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Division of the Charity Dollar Is A-Changing : Under Study's Scrutiny, Those Aiding Poor Gain at Expense of Alternative, Advocacy Groups

November 28, 1986|DAVID JOHNSTON | Times Staff Writer

MINNEAPOLIS — Turn the light of scrutiny on foundations and corporations when they slice up the philanthropic pie and they slice it differently than when no one is watching.

That's the lesson from a pioneering examination of grants awarded by Minnesota's 40 largest philanthropic endowments and corporate giving programs.

The study findings, and their effect on foundation and corporate giving patterns, hold important lessons applicable nationwide to charities interested in encouraging philanthropic endowments to be more responsive to the needs and concerns of the economically disadvantaged.

Where the Gifts Go

By law, foundations and corporate giving programs must make gifts only to charitable organizations, government agencies or, in some cases, to individuals to support projects benefiting the public.

More than 100 Minnesota charities serving the economically disadvantaged created the Minnesota Philanthropy Project to examine what share of the charity pie benefits the poor, minorities, women and the handicapped.

Since 1982, the first year of grants studied, the share going to these interests in Minnesota has grown by nearly one-third. Meanwhile, the share going to rural and nontraditional charities and advocacy organizations got smaller.

Studies of charitable giving usually limit their examination to such rudimentary factors as how grants are divided among the broad categories of education, health care, the arts and human services.

The Minnesota Philanthropy Project, however, dug far beyond this in its 42-month study, delving into the more subtle--and enlightening--question of who benefits from foundation and corporate giving. The results of the final study were the subject of a recent conference here on "Minnesota Philanthropy and the Disadvantaged."

The project, which will close at year's end, began more than three years ago when leaders of poor peoples' charities met to discuss their problems. "We talked about how we would get checks for $500 or maybe $1,000 while foundations gave hundreds of thousands of dollars to other nonprofits," said Joe Selvaggio, executive director of Pride in Living, an alternative to public housing for the poor. So the nonprofit officials decided to conduct a study.

To dramatize the study findings, the Minnesota Philanthropy Project baked a two-foot diameter charity pie. Surrounded by TV cameras, James Shannon, president of the General Mills Foundation and former chairman of the Council on Foundations, the national trade association for philanthropic endowments, cut a slice equal to 38.1% of the pie, representing the share of grants studied that went to charities serving the economically disadvantaged in 1985.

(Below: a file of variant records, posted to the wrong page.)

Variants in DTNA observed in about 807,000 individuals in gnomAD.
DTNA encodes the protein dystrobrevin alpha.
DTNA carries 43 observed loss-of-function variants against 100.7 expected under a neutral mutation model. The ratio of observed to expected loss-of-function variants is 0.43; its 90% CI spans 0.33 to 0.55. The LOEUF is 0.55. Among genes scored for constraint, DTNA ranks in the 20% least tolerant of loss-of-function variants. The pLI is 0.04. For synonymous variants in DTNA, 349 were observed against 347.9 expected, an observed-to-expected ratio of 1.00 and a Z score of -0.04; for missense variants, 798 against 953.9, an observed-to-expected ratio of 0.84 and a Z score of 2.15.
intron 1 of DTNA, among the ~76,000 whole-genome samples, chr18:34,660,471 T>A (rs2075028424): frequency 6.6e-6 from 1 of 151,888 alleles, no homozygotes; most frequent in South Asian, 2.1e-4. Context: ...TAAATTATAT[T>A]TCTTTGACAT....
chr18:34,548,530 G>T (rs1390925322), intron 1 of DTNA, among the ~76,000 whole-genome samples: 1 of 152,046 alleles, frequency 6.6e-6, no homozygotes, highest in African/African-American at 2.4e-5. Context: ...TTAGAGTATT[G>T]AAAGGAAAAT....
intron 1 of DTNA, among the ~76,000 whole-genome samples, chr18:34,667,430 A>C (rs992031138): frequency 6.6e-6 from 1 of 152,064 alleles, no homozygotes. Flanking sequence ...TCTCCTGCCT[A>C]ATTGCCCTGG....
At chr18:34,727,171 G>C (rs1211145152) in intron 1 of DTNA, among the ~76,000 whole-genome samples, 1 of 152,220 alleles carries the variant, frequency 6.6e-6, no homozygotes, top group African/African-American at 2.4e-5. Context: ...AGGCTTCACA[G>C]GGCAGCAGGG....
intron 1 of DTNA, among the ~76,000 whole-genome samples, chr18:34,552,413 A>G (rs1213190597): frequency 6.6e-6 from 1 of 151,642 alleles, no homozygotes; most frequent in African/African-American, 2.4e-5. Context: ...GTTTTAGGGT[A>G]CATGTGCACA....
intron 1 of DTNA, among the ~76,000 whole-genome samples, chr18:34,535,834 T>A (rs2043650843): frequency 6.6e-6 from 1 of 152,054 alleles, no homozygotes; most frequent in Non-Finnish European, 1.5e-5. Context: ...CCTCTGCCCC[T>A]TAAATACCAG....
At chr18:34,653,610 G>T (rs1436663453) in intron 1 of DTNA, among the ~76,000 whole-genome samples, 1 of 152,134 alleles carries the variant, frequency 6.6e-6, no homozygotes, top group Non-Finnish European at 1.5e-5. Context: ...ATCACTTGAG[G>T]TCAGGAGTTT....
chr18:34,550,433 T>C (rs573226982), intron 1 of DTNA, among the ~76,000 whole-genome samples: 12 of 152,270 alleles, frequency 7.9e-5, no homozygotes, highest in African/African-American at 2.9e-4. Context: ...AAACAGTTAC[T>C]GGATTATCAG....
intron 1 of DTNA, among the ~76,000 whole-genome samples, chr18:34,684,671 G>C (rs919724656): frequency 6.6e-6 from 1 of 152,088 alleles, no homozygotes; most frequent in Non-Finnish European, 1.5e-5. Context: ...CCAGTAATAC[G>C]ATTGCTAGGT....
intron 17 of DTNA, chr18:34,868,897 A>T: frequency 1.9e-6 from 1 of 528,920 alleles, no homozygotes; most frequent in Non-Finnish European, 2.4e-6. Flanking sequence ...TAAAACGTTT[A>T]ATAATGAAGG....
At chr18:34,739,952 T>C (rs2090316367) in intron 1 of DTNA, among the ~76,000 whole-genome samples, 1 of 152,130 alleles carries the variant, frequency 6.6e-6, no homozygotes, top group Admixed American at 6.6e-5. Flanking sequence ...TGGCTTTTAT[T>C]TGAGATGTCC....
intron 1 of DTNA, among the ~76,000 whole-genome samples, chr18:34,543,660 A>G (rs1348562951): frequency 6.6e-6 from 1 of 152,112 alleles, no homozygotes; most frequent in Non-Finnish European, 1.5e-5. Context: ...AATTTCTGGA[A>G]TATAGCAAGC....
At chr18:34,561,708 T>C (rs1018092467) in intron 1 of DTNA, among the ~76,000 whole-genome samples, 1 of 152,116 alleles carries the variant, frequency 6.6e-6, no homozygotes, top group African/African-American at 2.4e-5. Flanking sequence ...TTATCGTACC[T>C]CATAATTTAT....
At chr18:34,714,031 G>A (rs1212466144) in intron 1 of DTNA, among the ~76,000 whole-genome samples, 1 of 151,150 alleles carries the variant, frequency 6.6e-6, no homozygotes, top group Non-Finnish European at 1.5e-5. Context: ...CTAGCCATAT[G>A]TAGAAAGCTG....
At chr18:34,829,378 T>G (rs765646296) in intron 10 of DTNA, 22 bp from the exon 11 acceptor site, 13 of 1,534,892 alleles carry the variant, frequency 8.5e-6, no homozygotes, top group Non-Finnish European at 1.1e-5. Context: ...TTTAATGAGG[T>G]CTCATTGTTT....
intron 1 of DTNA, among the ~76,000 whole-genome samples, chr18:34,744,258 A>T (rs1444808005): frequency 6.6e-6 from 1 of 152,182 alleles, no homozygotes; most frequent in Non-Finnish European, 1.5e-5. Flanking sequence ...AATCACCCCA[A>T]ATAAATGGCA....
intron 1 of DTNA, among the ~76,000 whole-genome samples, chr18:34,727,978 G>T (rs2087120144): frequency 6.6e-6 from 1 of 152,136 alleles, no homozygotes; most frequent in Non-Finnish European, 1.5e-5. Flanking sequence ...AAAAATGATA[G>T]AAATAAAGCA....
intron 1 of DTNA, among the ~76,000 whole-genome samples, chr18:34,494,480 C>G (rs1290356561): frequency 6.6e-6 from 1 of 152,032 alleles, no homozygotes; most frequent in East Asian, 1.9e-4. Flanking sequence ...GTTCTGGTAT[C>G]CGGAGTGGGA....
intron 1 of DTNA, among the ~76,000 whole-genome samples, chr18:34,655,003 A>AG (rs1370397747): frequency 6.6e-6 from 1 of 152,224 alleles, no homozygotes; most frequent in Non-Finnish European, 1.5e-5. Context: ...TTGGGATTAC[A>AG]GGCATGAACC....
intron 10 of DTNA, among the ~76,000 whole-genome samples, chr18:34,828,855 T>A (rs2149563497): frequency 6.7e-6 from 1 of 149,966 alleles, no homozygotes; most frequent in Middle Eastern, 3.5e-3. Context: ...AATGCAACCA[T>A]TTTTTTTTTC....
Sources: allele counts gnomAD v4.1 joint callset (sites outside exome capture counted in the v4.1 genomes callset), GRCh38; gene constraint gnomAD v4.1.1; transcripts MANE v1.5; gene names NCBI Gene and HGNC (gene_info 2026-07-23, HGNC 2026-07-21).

"We've changed the definition of what a good foundation is," said Jon Pratt, 34, the director of the Minnesota Philanthropy Project. "How good a foundation is used to be judged by how much money it gave. But to the foundations themselves, and in the public's mind here, we've changed the definition of a good foundation to issues of who benefits from those gifts."

The project examined more than 20,000 grants made in 1982 and 1984. In 1985 the project studied nearly 13,000 grants, totaling $146 million, made by Minnesota's 40 largest foundations. The 1985 grants studied equalled 69% of all grant monies awarded by all Minnesota foundations and corporations last year.

Poor's Share Grows

The study showed that in 1982, charities serving the poor, women, minorities and the handicapped got 28% of the grant monies studied. By 1984, after the first survey results had been privately distributed to the funders, this rose to 30%. In 1985, the study showed, $55.6 million or 38.1% of the grant monies awarded went to charities serving the economically disadvantaged.

Terry Saario, president of the Northwest Area Foundation here with $180 million in assets, said that because of the increase in the number of poor people in the '80s her foundation would have given more to charities serving the economically disadvantaged regardless of the study. "The Philanthropy Project's presence and the questions they ask force you to be a little more self-conscious about who are the beneficiaries of grants," Saario said. "The study also created a climate in the Twin Cities foundation community that legitimized greater concern for the poor."

But General Mills Foundation's Shannon said the overall increase in foundation giving to charities serving the poor was also due to public disclosure of the study results which "held some feet to the fire."

"It is frequently implied that much of philanthropy goes to the neediest members of society," the final study states. But the study results challenge this notion, especially before changes in giving strategies that were encouraged by public disclosure of the study.

"This is not a perfect instrument, but this is a very good study," said Shannon. He noted that many foundations worked with the study staff in determining how to categorize their grants to make it accurate.

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